Should baseball fans and bettors be taking the Atlanta Braves more seriously?
The reigning National League East champs close out a series with the St. Louis Cardinals in this week’s edition of “Sunday Night Baseball” (ESPN, 7 p.m. ET). While it’s generally assumed that last season’s other division winners in the Senior Circuit will be back in the brackets this October (Los Angeles Dodgers and Milwaukee Brewers), the Braves are considered a relative longshot by media and betting markets.
Last year’s 90-72 record is still seen as a fluke. Now that Philadelphia has Bryce Harper (even embroiled in a slow start) likely leading the Phillies to a divisional crown, how could the Braves squeeze back into the championship chase?
Here’s the case for Atlanta as a smart bet and possible playoff threat moving forward . . .
Atlanta’s offense is better than many realize. The Braves have been in the upper half of the league on the road in batting average, on-base percentage, and slugging percentage this season. You regulars know VSiN likes to focus on “road only” stats to evaluate skill sets in an attempt to take part effects out of the mix.
The Braves also have an engine that should keep running well because of high on-base percentages. Freddie Freeman, Ronald Acuna Jr., Nick Markakis, and Josh Donaldson all entered the weekend as lineup regulars with on-base percentages above .370. Hitting stats are better with runners on base than empty (known in analytics circles for years), so that helps build a synergy creating a run-scoring merry-go-round.
Atlanta’s starting pitching rotation isn’t spectacular, but should be consistently decent moving forward. That characteristic often drives betting value. Too many wagerers look to back exorbitantly priced aces at the expense of more affordable rotation regulars that get the job done.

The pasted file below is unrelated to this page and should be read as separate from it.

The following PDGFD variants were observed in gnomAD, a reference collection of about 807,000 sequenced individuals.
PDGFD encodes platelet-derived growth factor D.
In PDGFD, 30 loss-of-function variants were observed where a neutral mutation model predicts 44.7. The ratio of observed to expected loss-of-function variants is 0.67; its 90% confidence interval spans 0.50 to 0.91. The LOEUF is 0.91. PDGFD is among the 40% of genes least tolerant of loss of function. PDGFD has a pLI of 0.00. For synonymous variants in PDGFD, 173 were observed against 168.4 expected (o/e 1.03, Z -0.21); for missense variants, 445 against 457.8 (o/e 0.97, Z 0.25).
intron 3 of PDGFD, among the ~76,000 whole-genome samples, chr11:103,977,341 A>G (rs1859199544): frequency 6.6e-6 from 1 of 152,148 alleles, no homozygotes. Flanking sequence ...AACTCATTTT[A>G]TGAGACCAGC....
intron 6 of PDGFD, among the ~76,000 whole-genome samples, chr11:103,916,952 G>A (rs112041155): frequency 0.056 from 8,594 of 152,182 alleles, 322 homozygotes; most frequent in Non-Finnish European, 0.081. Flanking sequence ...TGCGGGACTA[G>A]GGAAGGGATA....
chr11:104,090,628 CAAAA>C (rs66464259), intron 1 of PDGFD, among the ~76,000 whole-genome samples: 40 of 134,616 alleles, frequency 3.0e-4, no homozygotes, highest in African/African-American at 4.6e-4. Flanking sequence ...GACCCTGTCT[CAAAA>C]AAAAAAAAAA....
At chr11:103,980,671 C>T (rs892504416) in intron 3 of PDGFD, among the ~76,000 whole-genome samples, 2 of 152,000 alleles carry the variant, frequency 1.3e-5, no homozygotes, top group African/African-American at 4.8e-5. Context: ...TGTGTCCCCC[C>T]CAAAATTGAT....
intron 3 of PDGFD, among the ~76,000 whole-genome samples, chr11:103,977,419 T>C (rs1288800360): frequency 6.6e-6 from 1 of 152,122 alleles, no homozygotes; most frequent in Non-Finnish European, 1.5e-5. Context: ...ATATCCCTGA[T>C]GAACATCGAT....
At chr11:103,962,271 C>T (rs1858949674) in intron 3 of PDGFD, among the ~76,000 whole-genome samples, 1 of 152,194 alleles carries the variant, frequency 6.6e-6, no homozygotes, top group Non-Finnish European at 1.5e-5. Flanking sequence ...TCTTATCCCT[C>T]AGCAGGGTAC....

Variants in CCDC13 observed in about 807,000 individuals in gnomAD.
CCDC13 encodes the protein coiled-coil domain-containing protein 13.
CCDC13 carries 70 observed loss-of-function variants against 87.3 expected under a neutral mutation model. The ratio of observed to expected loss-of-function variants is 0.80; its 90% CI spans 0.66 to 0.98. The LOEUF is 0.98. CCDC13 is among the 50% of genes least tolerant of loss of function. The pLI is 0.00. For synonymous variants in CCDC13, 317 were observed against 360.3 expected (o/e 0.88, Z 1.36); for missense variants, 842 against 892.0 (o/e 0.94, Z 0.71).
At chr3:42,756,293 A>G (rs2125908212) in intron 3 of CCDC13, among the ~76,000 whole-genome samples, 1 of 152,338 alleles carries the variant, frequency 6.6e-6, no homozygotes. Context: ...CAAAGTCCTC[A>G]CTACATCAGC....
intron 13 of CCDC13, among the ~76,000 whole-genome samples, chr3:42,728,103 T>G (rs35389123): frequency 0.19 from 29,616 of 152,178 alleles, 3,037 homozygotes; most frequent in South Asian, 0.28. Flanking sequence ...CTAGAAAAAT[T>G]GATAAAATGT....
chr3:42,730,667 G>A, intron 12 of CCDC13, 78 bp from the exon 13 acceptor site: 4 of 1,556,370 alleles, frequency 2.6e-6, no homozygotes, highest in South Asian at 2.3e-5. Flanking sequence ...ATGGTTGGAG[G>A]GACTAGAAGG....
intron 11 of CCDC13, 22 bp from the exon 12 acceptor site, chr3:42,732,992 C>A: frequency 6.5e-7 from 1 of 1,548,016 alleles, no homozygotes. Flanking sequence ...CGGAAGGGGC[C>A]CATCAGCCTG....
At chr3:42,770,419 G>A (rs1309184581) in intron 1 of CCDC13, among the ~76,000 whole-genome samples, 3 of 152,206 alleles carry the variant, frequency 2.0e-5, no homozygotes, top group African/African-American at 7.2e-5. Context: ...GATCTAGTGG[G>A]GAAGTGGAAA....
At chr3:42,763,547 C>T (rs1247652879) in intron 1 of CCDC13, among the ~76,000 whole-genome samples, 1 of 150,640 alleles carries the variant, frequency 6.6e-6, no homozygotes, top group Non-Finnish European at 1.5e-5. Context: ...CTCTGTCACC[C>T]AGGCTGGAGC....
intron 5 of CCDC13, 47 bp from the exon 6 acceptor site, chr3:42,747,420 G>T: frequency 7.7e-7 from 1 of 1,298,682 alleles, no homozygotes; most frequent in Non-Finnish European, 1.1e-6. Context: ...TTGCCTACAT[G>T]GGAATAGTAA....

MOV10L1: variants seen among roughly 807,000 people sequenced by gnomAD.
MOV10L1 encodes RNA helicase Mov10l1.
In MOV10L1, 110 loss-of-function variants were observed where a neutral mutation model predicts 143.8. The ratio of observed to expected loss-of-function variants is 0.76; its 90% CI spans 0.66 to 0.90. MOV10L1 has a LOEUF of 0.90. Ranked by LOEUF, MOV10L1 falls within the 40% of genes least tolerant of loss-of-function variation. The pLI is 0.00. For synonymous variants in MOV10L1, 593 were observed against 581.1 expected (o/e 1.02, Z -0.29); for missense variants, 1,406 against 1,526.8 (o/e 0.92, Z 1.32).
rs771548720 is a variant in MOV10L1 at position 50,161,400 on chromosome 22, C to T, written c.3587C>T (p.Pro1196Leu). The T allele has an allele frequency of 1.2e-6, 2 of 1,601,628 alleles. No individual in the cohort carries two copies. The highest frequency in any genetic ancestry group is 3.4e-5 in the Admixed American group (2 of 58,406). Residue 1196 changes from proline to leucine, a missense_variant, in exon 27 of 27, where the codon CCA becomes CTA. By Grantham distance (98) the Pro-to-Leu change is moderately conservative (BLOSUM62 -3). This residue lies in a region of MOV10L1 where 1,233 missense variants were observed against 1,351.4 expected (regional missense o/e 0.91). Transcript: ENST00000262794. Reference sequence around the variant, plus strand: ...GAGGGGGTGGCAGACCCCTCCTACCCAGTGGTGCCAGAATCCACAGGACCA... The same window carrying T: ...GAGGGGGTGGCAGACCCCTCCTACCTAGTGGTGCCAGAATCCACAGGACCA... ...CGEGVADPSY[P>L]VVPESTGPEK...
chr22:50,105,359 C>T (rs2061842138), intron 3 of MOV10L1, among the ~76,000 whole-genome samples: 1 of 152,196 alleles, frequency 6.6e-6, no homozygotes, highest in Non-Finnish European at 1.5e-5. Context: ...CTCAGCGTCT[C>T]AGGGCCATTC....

Mike Soroka, Max Fried, Kevin Gausman and Julio Teheran all have WHIPS (walks plus hits per innings pitched) that will win with run support. All are within arm’s reach of a strikeout per inning, a stat to which sharps pay attention.
Atlanta’s schedule is favorable because it’s played surprisingly few divisional games in the league’s softest quintet. The Braves haven’t even faced woeful Washington yet! Still 19 games ahead vs. the Nationals, 15 vs. the inconsistent Mets, and 13 vs. the Marlins.
Even if you assume Philadelphia wins the East, Atlanta may have a good chance at the Wildcard just because St. Louis, Arizona, and San Diego have more challenging obstacle courses in other divisions.
Entering the St. Louis series, Atlanta had won three of four at Arizona, two of three at home vs. the Cards, two of three at home vs. Milwaukee, and three of four at San Francisco. A manageable slate awaits the next few weeks with Washington (2 games), Detroit (3), Pittsburgh (3), Miami (3) and Pittsburgh again (4).
Let’s see how the market prices those encounters. Maybe Atlanta won’t make it to plus 18 betting units like it did for gamblers in 2018. But the market still isn’t respecting this team of late…which opens the door for investment value.